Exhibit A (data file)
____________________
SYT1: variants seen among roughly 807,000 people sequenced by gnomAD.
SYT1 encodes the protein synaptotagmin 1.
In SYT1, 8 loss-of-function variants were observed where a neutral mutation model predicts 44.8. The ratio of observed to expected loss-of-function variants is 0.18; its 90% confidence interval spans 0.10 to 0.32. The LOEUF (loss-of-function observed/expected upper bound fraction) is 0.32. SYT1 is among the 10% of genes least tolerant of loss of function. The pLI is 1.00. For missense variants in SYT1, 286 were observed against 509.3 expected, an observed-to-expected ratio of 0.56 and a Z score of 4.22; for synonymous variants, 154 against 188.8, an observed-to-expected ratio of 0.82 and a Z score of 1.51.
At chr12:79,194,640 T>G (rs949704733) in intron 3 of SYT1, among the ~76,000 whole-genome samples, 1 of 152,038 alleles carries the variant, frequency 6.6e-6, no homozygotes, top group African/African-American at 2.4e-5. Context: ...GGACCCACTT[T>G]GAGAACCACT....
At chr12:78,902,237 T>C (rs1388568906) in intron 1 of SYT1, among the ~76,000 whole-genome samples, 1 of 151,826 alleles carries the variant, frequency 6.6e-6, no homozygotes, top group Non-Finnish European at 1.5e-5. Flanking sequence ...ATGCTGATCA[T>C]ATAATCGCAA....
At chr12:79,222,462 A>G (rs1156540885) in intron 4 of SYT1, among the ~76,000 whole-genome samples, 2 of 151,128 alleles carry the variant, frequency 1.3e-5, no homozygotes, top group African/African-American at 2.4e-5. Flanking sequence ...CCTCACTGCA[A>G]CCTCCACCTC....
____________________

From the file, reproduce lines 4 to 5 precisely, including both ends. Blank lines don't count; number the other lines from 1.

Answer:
At chr12:79,194,640 T>G (rs949704733) in intron 3 of SYT1, among the ~76,000 whole-genome samples, 1 of 152,038 alleles carries the variant, frequency 6.6e-6, no homozygotes, top group African/African-American at 2.4e-5. Context: ...GGACCCACTT[T>G]GAGAACCACT....
At chr12:78,902,237 T>C (rs1388568906) in intron 1 of SYT1, among the ~76,000 whole-genome samples, 1 of 151,826 alleles carries the variant, frequency 6.6e-6, no homozygotes, top group Non-Finnish European at 1.5e-5. Flanking sequence ...ATGCTGATCA[T>C]ATAATCGCAA....